Though she certainly isn't the only one, Jan Brewer is one of several people in the Republican Party who is still harshly anti-immigrant: she's currently defending a lawsuit against her executive order blocking DREAMers, the children of undocumented immigrants, from getting licenses. This is after she helped to embody the GOP's losing immigration strategy, signing SB 1070 and publicly embracing Romney early in his campaign. While the national wing of the Republican Party has accepted that it cannot continue to alienate Latinos and Asians, two groups heavily invested in a more open immigration policy, in the state legislatures it's business as usual. For them, the usual includes publicly stomping on Latinos, a group that recently helped hand them a stunning electoral defeat in the House, Senate and White House.
If you were to turn on the TV and watch the Sunday morning talk shows in the wake of the election, you would inevitably see national figures like Sen. John McCain in the Republican Party talking vaguely about how they need to appeal to Latinos. With the fiscal cliff less than a month away, all eyes are on the collective wallet of the nation. Working comparatively quietly behind the scenes are issues such as the STEM Act, Kris Kobach's unchanged rhetoric and Jan Brewer's legal defense of her executive order to block undocumented immigrants from receiving licenses as part of the Deferred Action for Childhood Arrivals program. Lawyers suing Brewer say "Arizona's creation of its own immigration classification [to deny undocumented immigrants licenses] impermissibly intrudes on the federal government's exclusive authority to regulate immigration."
On the suit, Brewer contends that "The state is the one that licenses the people to be able to drive around the streets -- it's not the federal government -- and we don't license kids under 16, we don't license DUI drivers, and our laws are very clear and I took an oath to uphold that." Although Brewer may have a point that we don't license children or drunk drivers, that is because they are unfit as drivers; being undocumented doesn't make one unfit to drive. Whether this argument wins or not, one thing is for certain: Jan Brewer is the most selfish player on the GOP team. This suit has the potential to unleash a Supreme Court verdict at an inopportune time, like when the SB 1070 ruling dropped in Romney's lap like a bowl of scalding soup during the campaign, assuming that there isn't another big media blitz on immigration that instantly throws the lawsuit and lingering effects of SB 1070 into the spotlight.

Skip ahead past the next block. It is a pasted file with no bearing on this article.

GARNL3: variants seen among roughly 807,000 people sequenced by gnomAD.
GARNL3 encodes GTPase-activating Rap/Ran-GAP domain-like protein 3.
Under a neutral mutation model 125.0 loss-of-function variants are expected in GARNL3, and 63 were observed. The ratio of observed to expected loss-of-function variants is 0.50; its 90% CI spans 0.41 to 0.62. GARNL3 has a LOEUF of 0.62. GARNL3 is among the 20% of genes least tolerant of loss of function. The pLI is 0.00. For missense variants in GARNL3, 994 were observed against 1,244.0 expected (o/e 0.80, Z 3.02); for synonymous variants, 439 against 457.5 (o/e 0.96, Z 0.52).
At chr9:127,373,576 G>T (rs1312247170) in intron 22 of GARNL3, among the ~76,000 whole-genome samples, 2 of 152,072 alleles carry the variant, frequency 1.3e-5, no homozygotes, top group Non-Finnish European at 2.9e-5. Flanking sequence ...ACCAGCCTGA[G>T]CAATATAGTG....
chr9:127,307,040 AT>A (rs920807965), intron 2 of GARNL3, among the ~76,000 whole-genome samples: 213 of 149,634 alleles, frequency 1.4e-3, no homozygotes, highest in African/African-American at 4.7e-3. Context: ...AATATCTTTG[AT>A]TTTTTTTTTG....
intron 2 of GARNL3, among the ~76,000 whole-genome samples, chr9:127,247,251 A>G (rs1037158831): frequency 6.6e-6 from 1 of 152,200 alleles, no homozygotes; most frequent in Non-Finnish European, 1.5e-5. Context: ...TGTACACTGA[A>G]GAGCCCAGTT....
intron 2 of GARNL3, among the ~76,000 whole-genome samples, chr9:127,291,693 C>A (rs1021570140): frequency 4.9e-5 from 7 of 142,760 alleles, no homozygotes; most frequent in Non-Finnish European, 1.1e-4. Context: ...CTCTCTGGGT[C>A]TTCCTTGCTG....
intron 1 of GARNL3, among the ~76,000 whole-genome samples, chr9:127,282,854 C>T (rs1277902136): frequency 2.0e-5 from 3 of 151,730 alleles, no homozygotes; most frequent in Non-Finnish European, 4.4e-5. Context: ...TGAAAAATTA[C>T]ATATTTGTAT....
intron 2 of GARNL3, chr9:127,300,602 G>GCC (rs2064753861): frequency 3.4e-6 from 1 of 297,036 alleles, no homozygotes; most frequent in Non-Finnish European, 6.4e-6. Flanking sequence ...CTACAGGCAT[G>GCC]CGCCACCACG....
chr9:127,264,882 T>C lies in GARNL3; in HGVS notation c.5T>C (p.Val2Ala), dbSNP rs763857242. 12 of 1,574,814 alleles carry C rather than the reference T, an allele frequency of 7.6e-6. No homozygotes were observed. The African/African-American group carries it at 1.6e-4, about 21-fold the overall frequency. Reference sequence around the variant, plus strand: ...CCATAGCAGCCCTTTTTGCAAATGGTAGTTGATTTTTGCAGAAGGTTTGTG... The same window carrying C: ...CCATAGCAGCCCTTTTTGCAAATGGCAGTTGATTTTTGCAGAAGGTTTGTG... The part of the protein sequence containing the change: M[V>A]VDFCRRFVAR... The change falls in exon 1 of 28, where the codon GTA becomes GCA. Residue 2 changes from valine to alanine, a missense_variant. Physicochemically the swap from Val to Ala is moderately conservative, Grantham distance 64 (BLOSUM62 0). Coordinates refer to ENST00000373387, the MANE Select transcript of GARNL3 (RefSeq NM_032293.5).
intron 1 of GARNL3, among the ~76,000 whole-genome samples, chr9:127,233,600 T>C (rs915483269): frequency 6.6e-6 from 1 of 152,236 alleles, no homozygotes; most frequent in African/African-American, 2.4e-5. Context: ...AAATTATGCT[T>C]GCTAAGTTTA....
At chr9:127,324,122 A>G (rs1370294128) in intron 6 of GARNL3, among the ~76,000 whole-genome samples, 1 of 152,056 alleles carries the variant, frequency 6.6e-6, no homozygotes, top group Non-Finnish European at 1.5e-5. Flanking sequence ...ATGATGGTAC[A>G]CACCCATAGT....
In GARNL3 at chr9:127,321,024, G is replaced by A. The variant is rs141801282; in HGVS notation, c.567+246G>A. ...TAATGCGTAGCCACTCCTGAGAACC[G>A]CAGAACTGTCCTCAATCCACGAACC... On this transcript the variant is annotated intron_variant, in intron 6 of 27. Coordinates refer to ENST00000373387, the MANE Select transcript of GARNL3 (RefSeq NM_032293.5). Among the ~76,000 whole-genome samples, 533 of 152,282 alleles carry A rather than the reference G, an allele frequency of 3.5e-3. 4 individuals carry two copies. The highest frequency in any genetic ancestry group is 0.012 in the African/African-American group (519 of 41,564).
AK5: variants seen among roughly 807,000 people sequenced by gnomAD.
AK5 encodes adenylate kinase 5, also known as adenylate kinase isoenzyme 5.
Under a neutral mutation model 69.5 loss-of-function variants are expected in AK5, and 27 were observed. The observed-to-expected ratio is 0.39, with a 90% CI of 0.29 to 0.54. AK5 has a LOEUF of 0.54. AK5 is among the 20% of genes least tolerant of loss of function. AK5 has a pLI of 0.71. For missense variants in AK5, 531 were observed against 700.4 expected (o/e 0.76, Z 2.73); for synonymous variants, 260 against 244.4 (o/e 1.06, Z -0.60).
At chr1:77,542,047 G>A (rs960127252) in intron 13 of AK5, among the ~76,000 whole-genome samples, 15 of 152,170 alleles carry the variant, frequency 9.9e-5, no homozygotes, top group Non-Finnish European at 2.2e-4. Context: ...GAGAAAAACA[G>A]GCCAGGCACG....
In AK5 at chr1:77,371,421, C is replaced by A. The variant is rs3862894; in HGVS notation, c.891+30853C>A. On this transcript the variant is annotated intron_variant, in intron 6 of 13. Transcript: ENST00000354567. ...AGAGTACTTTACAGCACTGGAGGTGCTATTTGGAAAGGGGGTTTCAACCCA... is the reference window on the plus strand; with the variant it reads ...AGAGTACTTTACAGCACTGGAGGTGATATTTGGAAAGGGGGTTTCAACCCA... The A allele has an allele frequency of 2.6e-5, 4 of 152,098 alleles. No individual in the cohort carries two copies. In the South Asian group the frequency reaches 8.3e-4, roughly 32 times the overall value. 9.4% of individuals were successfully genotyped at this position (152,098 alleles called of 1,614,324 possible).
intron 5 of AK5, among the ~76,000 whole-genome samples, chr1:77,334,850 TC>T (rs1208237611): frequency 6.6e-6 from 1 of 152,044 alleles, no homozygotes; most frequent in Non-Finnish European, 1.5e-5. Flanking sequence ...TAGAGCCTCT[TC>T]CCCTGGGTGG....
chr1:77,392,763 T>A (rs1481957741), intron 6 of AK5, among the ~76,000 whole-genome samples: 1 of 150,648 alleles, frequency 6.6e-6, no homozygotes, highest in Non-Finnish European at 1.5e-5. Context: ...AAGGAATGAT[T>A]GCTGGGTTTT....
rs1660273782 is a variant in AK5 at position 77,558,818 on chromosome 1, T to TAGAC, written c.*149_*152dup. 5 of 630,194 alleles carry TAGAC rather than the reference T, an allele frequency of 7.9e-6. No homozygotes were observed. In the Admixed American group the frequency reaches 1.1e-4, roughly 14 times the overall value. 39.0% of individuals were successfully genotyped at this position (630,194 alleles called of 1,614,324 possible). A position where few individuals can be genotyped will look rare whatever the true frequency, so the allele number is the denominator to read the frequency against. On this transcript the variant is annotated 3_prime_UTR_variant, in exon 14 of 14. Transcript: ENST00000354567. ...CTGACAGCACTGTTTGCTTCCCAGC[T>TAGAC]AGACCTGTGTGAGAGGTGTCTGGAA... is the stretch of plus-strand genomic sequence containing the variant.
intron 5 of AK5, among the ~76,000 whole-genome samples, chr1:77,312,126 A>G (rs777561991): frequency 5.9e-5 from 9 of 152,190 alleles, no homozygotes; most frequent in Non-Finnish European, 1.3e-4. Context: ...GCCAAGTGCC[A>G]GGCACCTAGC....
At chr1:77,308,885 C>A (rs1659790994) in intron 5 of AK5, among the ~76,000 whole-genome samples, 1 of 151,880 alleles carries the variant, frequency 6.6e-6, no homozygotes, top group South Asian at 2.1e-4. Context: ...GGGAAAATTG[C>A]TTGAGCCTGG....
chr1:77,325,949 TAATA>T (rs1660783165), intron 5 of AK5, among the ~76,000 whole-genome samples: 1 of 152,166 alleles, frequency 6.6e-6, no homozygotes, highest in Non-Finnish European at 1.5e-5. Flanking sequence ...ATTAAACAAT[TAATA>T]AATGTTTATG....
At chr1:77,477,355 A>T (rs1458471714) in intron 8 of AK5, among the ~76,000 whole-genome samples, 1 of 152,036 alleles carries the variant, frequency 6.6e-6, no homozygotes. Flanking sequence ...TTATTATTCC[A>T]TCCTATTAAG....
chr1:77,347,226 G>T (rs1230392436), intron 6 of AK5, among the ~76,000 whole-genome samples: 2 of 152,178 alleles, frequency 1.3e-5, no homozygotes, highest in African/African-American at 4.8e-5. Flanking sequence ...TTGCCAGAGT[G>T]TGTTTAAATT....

Brewer's policies have made her a focal point of anti-immigration sentiment alongside Joe Arpaio and Kris Kobach, which raises the question: with these characters anchoring the GOP to a losing past, will the party be able to change direction on immigration enough that they will be able to win national elections again? Common sense is that the country is becoming more, not less, diverse every year, with this last election's coalition of Latino and Asian-American voters putting the exclamation point on that notion.
If immigration doesn't come up next media cycle after the 24-hour networks and Sunday morning talk shows are finished with Susan Rice and the Fiscal Cliff, it will still be coming up soon after. The remarks that Jan Brewer made on driver's licenses, comparing undocumented immigrants to drunks and children, will be remembered alongside her aggressive pushing of SB 1070 (both when she signed it into law, and when the Supreme Court was striking down half of it). With remarks like this, it will be more difficult for Republicans to go through the already-painful public rebranding process that any party which has just lost so badly must inevitably go through.